Looking back at the opportunities you have had which do you feel have directed or benefited your current path the most? Are there things you would have done differently, opportunities you would not have taken, bigger risks you would have made, etc? 

Every small achievement I’ve had has been important; each show I’m invited or accepted to, every gallery I’ve signed on with, and each piece that sells helps me reaffirm that I am doing the right thing. I am very glad I decided to go to New Paltz to grad school because I was forced to question my motivations and almost every aspect of my work, which made me realize my priorities as a maker. I also know that without having moved across the country for my education, there is no way I would’ve done the internship that led to some invaluable career experience in industry. I really haven’t passed up any significant opportunities that have come my way, and I’m happy to say I don’t have any regrets about my path so far.  


Necklace #5 (Parting Lips), sterling silver, coral, nylon, 2011. 


Where do you hope your career will be in five years? (Especially in relationship to the breakdown of your time spent in the studio, at related jobs, unrelated jobs, teaching, with family. Are there galleries you hope to be in? Have a solo exhibition? Have studio employees, bookkeeper, etc?)

Because we are in such a niche field, I feel that I need to be open to wherever opportunities present themselves. For that reason I don’t have any specific goals. I am currently excited about growing my CAD skills and seeing where that takes me professionally and where it guides my work. I would love to teach someday and share what I’ve learned, but I can also see myself going into production. No matter what my day job ends up being, the one thing I want to be sure of is that five years from now, I will still actively be making work and continue to participate in our essential community of makers and metalsmiths.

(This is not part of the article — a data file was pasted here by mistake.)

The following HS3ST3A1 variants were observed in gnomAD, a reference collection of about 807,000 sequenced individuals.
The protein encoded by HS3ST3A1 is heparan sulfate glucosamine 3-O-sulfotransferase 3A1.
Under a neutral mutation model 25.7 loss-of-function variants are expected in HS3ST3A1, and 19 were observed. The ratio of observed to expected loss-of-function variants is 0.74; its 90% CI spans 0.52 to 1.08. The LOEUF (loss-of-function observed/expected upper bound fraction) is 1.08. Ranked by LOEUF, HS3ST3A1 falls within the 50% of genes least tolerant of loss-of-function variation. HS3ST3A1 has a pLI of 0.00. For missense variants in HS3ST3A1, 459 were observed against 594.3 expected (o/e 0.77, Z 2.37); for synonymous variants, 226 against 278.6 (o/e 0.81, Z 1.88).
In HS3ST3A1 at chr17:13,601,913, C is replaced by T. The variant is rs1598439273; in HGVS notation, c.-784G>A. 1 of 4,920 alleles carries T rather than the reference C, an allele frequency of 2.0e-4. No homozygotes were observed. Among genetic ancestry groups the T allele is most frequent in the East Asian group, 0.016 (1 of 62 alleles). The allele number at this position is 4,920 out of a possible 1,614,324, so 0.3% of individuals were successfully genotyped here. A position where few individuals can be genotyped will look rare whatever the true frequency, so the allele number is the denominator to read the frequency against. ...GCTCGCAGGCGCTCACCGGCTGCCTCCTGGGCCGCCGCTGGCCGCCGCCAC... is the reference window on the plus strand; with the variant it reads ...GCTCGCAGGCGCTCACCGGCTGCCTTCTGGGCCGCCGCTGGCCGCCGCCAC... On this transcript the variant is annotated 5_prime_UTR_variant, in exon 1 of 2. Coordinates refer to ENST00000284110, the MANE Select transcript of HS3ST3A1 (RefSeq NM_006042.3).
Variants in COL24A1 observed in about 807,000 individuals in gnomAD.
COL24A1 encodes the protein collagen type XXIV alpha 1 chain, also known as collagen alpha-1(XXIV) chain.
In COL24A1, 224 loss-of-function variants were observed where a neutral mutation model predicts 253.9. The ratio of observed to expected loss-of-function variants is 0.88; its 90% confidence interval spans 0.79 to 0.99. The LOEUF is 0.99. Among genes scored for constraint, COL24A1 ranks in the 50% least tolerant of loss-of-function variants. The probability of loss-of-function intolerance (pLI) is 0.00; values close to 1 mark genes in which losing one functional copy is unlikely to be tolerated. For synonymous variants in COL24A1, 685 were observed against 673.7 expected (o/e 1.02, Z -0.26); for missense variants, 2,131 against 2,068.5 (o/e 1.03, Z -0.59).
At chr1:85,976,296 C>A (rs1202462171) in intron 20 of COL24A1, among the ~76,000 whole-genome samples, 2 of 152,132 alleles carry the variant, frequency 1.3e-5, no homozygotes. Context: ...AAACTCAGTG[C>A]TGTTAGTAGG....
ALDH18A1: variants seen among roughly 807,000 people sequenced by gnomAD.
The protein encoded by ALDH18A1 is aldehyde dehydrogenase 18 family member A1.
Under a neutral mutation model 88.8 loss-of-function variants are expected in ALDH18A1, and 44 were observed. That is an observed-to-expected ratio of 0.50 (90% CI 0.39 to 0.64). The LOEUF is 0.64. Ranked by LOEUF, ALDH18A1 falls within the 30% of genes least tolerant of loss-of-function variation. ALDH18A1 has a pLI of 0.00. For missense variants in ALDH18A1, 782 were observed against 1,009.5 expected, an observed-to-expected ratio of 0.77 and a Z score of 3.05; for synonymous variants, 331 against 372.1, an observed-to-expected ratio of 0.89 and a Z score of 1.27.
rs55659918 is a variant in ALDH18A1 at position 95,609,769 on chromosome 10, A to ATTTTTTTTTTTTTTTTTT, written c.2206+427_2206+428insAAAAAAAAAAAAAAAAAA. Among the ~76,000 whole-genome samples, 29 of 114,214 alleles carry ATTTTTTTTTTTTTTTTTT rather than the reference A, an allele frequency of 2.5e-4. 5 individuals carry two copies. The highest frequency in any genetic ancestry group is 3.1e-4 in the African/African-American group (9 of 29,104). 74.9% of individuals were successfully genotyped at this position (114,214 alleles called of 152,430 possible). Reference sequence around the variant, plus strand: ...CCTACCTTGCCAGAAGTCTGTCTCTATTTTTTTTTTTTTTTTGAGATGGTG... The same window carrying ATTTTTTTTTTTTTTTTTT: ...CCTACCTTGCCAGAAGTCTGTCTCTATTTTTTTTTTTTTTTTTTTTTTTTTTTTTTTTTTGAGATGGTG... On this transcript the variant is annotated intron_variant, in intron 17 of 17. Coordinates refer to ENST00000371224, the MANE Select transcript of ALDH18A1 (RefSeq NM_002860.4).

Feel free to ask questions in the comment section. Also, be sure to view more of Allyson's work on her website at

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A short breakdown of my 74 years...First year of college at University of Southern California took ceramic course by chance under Susan Peterson and Carlton Ball.  Saw Carlton throwing one day, asked what was he making and he replied, "Fence posts."  That told me anything goes with clay and I went to the clay sculpture direction, transferring to the Ohio State University.  After three years in the Army, tended bar, worked in a clothing shop, and eventually got a summer teaching job at Maryland Art Institute teaching ceramics.  From there to a full time teaching job at a college preparatory highschool where I taught for three years.  Got my Masters degree and then took a full time teaching job at Towson University, teaching there for 35 years.  Now retired, living in Aiken, South Carolina, and still working on my clay sculpture in my home studio.  Doing a panel presentation at the next NCECA conference in Houston, Texas, this March, titled "Aesthetics and Aging", a prelude to NCECA 2014 in Milwaukee, Wisconsin, where I have put together an exhibition of clay artists all over the age of 70, called "Old Hands In Clay, which will have 42 persons from American and Europe, each with two pieces.  Now I am watching television, the 2012 US Tennis Open, then lunch with my lovely wife, Pauline.  That's it to this moment.  Tom Supensky

Thank you so much for these interviews. I love hearing how other artists are getting from point A to point B

Wonderful. I know people are looking at them, but never really sure if they are of interest. Glad you are enjoying them, only a few more to go.